In its latest report, the Ethiopian Human Rights Commission underscores the need to put an urgent stop to the continued suffering caused to civilians in the conflict.
Tigrayan rebels have killed scores of civilians in the Amhara region on suspicion of being informants or offering aid to federal Ethiopian forces.
Ethiopian Human Rights Commission, in its report published on Saturday, accused Tigray People's Liberation Front (TPLF) fighters of "willfully" killing at least 184 civilians in towns and rural areas captured by them.
Civilians were shot and killed for supporting the federal government or for sheltering wounded soldiers, the commission said.
"TPLF forces shot and killed mentally ill residents of towns they controlled on suspicion of being informants for the government," it added.
Local youth, meanwhile, killed people who had fled war-torn Tigray, accusing them of spying for the TPLF, it said.
"Additionally, both warring sides engaged in indiscriminate shelling that was not directed at a specific military objective causing civilian deaths, injuries and damage to civilian property."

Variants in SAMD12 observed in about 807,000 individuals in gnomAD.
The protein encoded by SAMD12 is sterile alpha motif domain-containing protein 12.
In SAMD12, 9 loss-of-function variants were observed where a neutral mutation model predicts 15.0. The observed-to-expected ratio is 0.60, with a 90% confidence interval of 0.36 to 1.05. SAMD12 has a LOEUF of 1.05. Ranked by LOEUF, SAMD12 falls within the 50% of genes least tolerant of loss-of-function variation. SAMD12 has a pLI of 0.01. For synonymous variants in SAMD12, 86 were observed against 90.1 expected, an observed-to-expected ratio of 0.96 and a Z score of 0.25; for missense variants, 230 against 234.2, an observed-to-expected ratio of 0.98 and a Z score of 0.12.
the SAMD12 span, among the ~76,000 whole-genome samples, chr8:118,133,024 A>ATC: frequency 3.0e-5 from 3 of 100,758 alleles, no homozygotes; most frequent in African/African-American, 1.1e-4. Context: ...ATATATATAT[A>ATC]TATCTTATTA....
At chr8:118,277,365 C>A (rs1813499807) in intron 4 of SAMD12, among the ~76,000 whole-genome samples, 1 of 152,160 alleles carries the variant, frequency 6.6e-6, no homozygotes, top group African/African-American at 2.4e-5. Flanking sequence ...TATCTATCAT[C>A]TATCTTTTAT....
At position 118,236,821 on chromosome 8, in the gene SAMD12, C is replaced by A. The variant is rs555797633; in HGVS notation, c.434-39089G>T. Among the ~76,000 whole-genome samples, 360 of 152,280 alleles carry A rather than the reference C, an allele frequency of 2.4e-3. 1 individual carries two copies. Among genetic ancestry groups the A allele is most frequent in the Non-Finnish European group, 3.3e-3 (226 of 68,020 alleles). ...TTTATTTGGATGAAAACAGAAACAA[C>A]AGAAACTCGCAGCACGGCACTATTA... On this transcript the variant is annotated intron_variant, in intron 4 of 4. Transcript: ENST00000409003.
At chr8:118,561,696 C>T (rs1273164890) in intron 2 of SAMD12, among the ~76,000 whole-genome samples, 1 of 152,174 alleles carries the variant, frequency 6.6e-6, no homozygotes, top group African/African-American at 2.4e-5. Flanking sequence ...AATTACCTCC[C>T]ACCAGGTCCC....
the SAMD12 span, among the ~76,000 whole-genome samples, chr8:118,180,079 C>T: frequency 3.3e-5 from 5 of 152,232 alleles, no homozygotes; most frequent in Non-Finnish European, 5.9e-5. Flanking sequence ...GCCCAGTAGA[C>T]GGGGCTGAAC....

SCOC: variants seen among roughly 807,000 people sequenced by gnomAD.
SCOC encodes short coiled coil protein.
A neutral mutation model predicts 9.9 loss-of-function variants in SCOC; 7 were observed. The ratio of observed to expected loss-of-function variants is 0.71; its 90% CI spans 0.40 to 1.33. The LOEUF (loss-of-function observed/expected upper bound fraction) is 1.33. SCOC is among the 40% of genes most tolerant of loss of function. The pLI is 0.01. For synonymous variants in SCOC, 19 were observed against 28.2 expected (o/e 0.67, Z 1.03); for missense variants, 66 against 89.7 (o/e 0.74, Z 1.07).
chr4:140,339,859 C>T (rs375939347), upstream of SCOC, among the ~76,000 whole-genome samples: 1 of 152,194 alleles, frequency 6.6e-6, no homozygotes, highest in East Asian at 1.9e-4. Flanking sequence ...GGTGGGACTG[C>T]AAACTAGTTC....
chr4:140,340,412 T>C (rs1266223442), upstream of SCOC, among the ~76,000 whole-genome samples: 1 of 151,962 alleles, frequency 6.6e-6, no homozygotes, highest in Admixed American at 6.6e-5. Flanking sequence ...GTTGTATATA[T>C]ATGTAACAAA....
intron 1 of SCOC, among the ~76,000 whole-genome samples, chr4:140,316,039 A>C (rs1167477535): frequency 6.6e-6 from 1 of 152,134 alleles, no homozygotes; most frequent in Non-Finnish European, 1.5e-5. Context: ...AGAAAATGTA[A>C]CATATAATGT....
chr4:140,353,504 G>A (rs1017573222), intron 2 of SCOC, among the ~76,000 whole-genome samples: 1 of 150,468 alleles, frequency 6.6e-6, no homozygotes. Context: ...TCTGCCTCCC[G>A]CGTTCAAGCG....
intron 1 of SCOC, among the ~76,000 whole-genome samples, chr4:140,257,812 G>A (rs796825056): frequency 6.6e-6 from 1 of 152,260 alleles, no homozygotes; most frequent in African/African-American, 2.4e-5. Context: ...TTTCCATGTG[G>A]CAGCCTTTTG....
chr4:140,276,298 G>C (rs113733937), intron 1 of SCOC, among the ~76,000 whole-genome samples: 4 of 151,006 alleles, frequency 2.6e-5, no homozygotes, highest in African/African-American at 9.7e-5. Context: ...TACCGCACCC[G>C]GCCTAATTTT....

The investigation, which draws on 128 interviews, focuses on parts of Amhara which saw heavy fighting in July and August as the country's brutal conflict enters its second year.
EHRC Chief Commissioner Daniel Bekele said that violations and abuses were committed by all parties in South Gondar and North Wollo Zones of the Amhara region.
Prime Minister Abiy Ahmed's government has said it is committed to holding perpetrators of abuses accountable.
Ethiopia, Eritrea condemn US sanctions
Ethiopia and Eritrea, meanwhile, have denounced new US sanctions on Asmara over its alleged role in the deadly conflict, calling on Washington to "rescind its decision".
"The real target for sanctions and further tougher actions by the US government and the greater international community should be directed towards the TPLF," Ethiopia's Foreign Ministry said on Saturday.
On the other hand, Eritrea called the move "illicit and immoral".
"This unilateral sanction, that shifts blame to and scapegoats Eritrea on the basis of spurious allegations, is in contravention of international law, and constitutes a flagrant breach of ... sovereignty," the country's Ministry of Information said in a statement.
"That the primary aim of the illicit and immoral sanctions is to inculcate suffering and starvation on the population so as to induce political unrest and instability is patently clear."